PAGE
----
A few months back I met a 60-year old male client who complained of persistent abdominal bloats, a foul smell and a problem with an inner part of the low-gastro-intestinal tract that involves the small intestines, the colon and rectum.
The story behind all these problems is that sometimes you might not have sufficient colonies of friendly, health-enhancing organisms in the gastro-intestinal system.
If you do not have friendly bacteria or non-toxic bacteria in your intestines, the space will be occupied by toxic bacteria that may take root and form colonies that cannot be easily washed away.
The reality of life is that potentially harmful microorganisms can make their way into your intestines on a daily basis. But if you have many non-toxic bacteria in your intestines, they tend to compete with toxic substances for space and nutrients in the colon.
If you do not have enough friendly or non-toxic bacteria, they tend to flourish to a degree where they can colonize your intestinal walls.
When more unfriendly bacteria, invasive fungi, and even parasites dig into the intestinal tract, the intestinal lining can begin to leak some undigested proteins and other man-made toxins that can be ingested on a daily basis.
The leaky gut syndrome is a tricky situation and not readily recognised by conventional medicine because there are no patented prescription drugs or surgical procedures that can justifiably be prescribed for them.
You will know that your gut carries unfriendly bacteria or leaky gut syndrome occurs inside your gastro-intestinal lining when you regularly experience symptoms such as; excessive, foul-smelling gas production. Some people develop discomfort after meals or suffer chronic constipation and diarrhea
Conditions that can make your gastro-intestinal system to weaken and favour the leaky gut syndrome include; overuse of prescription antibiotics, regular intake of foods that are rich in sugar and regular use of highly refined carbohydrates such as white flour products. Other factors to consider include over-feeding and overconsumption of alcohol.
In such unfavorable conditions, a person can suffer from other adverse problems. The fierce battle between foreign toxins and the anti-bodies can lead to chronic inflammations anywhere in the body via antigen-antibody complexes that get deposited in various tissues as they circulate through the blood system.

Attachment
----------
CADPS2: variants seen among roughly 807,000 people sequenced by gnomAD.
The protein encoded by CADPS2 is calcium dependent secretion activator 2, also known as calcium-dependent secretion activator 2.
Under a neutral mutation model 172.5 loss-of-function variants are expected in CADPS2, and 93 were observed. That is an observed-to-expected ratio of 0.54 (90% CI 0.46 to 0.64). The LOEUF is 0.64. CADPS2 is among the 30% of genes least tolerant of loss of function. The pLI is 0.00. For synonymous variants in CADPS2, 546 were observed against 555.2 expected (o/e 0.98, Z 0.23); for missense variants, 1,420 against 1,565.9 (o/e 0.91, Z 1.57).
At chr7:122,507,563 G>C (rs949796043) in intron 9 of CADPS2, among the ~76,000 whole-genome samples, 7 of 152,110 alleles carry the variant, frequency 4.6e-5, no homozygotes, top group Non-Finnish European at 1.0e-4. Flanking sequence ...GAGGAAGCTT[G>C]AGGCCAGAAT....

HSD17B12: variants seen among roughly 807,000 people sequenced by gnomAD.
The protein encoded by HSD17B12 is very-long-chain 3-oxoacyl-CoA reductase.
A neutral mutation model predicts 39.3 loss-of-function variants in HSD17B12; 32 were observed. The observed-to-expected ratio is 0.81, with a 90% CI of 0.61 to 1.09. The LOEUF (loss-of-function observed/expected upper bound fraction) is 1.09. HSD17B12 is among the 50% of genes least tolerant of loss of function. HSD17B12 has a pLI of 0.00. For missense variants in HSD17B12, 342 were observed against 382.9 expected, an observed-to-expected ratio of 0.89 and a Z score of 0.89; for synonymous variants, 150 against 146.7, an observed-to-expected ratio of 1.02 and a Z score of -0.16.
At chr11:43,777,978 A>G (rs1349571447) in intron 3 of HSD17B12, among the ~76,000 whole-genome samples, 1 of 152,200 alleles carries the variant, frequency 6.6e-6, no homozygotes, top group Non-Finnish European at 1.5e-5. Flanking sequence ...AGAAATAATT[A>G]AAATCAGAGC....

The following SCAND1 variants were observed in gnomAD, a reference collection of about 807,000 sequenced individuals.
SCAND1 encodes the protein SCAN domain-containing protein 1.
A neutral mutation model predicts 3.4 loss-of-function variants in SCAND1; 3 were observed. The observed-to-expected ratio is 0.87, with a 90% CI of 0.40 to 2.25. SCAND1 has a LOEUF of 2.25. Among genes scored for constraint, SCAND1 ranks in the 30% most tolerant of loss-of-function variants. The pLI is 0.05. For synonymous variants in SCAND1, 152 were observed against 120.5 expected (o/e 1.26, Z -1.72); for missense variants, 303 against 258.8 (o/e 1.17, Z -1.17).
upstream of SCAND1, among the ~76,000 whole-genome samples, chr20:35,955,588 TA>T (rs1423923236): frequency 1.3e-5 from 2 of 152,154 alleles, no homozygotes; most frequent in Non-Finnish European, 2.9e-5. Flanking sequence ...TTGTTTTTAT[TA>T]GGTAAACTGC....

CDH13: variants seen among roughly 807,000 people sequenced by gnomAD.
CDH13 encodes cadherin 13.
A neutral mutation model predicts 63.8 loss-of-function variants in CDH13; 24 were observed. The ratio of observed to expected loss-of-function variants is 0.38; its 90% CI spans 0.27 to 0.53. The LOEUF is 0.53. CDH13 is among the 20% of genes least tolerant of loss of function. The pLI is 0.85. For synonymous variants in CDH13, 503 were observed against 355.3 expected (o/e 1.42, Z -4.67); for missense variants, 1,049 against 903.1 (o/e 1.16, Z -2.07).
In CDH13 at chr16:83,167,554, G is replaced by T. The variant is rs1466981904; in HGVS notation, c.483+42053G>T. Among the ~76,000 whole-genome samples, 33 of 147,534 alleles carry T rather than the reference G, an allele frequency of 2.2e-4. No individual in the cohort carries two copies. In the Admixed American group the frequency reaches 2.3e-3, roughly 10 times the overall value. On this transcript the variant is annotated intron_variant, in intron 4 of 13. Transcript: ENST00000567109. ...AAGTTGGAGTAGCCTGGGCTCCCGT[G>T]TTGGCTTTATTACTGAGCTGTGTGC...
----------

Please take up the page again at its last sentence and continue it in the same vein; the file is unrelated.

This has been the root cause of diseases like psychiatric conditions like schizophrenia. Others include eczema, psoriasis, alopecia (hair loss), ulcerative colitis, rheumatoid arthritis, lupus, endometriosis, and cystitis.
Perhaps the single most important eating habit that you can adopt to facilitate healing of your digestive tract is to chew your foods thoroughly.
One of the ways to avoid leaky gut problems is to chew your meals well. When you chew well, you allow your digestive tract to efficiently break down small particles of food into micronutrients that can pass through the wall of your small intestine to the blood.
Your teeth are designed to mechanically break down food, while the rest of your digestive tract and organs are designed to chemically break down the food. If you have dental or jaw problems that make it difficult to chew well, you can process foods before you feed on them.
Chewing your foods and liquids well allows your saliva and digestive enzymes to mix in with your foods and liquids, which begins the process of digestion right in your mouth.
Chewing well encourages physical and emotional rest while eating. And being emotionally balanced and at rest while you eat allows your body to send a rich supply of blood to your digestive organs during a meal, which helps optimize every step of digestion.
If possible, strive to combine the habit of chewing well with a steady focus on being grateful for your meal. Just as the connection between your mind and body can cause you to sweat when you are nervous, being grateful while you chew can help your digestive organs break down your food and assimilate nutrients into your blood.
The goal is to prevent incompletely digested foods from sitting in your digestive tract longer than they should, as this promotes breeding of potentially pathogenic microorganisms.